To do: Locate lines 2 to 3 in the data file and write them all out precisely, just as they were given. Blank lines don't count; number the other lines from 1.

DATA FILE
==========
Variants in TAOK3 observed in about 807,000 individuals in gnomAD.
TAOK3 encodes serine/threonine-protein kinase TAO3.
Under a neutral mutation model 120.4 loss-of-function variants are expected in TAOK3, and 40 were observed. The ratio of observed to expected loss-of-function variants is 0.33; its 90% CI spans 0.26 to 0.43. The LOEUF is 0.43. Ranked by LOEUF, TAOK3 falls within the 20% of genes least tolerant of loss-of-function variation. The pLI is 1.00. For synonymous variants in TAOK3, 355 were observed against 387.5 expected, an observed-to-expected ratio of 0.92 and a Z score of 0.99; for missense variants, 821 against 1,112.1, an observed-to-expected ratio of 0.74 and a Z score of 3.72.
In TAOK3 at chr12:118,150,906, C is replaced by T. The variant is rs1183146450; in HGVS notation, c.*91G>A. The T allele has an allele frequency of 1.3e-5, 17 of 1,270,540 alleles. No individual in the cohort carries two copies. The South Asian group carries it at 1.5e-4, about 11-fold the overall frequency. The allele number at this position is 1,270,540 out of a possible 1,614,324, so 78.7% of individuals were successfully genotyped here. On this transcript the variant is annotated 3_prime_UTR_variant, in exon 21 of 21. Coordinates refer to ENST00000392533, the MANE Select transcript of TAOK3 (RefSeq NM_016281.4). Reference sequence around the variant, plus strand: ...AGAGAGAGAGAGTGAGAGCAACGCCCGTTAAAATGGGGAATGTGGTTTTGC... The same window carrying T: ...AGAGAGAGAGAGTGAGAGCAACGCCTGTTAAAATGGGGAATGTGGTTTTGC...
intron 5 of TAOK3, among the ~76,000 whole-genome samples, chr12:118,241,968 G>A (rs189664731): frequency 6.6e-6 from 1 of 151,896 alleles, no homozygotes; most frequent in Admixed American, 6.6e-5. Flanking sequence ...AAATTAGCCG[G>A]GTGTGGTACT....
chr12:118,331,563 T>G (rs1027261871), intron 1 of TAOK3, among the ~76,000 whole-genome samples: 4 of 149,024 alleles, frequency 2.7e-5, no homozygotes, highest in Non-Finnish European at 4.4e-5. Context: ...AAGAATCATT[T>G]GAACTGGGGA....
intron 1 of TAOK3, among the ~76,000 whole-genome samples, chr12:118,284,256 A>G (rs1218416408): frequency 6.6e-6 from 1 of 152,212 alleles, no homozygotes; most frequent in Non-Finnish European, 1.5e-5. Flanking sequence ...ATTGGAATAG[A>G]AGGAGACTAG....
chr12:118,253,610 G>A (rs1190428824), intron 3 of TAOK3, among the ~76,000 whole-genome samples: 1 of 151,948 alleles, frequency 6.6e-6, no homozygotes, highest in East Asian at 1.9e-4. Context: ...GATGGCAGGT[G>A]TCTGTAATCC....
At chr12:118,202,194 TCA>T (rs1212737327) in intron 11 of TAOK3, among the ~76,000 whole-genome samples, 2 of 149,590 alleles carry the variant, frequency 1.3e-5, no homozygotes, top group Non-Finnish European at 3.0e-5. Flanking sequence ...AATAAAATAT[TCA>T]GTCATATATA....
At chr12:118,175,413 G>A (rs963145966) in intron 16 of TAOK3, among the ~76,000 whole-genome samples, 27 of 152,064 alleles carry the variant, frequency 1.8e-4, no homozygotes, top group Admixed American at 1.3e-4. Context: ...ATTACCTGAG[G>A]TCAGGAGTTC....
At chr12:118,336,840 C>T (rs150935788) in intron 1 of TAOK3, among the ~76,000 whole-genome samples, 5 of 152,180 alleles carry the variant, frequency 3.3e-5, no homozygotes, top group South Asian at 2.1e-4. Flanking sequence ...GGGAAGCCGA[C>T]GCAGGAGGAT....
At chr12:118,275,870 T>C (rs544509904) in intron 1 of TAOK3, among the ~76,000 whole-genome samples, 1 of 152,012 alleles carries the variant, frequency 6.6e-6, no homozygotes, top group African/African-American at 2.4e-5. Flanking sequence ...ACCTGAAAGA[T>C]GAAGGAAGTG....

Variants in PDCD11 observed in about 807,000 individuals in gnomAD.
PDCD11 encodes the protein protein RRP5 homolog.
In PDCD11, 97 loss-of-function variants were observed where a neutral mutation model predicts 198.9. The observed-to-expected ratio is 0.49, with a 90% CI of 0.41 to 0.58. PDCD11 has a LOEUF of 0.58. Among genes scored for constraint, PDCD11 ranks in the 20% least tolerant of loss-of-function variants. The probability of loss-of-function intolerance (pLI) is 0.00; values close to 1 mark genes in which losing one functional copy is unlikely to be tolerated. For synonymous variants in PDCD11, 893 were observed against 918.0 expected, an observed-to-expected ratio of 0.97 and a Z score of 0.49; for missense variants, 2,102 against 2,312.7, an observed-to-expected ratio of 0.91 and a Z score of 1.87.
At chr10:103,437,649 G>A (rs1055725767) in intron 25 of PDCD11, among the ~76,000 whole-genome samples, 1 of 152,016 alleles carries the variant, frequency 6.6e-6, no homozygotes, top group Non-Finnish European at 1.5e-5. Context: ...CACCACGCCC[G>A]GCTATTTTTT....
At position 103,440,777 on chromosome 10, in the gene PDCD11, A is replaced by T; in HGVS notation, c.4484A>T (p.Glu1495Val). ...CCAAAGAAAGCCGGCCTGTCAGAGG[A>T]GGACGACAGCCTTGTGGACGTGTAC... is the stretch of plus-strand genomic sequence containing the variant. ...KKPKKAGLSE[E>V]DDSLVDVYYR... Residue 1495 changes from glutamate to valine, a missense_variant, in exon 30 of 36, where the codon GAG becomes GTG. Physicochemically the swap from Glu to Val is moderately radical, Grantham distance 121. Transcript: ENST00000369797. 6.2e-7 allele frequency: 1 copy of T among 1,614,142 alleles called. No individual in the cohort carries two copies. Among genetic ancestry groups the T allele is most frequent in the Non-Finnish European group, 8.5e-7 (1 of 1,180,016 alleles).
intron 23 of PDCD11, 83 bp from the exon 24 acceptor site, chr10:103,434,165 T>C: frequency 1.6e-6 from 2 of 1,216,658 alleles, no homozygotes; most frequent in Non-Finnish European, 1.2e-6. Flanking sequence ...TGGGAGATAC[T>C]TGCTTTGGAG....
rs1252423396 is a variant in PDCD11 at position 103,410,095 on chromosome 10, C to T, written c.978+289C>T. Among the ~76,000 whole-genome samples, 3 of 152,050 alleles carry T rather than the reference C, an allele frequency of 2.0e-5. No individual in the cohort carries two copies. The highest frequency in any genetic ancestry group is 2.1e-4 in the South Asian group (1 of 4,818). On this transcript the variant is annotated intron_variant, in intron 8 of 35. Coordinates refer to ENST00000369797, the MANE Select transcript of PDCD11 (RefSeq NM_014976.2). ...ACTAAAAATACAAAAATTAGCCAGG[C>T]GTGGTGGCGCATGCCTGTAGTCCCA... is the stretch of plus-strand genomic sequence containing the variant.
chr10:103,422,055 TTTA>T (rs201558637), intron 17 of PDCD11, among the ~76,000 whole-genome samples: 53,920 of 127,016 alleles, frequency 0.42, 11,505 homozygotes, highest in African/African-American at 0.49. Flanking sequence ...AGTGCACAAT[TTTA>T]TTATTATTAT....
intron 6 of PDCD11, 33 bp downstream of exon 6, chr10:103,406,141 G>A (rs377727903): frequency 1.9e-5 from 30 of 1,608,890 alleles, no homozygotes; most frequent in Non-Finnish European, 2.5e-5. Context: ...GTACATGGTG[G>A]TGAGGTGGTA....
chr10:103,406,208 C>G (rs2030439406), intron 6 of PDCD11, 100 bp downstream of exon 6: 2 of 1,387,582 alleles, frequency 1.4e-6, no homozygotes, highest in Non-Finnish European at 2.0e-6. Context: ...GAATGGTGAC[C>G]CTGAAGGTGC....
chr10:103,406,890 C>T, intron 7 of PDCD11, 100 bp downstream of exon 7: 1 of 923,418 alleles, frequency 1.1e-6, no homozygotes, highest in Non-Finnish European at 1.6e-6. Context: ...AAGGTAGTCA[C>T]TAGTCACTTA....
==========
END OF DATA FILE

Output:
TAOK3 encodes serine/threonine-protein kinase TAO3.
Under a neutral mutation model 120.4 loss-of-function variants are expected in TAOK3, and 40 were observed. The ratio of observed to expected loss-of-function variants is 0.33; its 90% CI spans 0.26 to 0.43. The LOEUF is 0.43. Ranked by LOEUF, TAOK3 falls within the 20% of genes least tolerant of loss-of-function variation. The pLI is 1.00. For synonymous variants in TAOK3, 355 were observed against 387.5 expected, an observed-to-expected ratio of 0.92 and a Z score of 0.99; for missense variants, 821 against 1,112.1, an observed-to-expected ratio of 0.74 and a Z score of 3.72.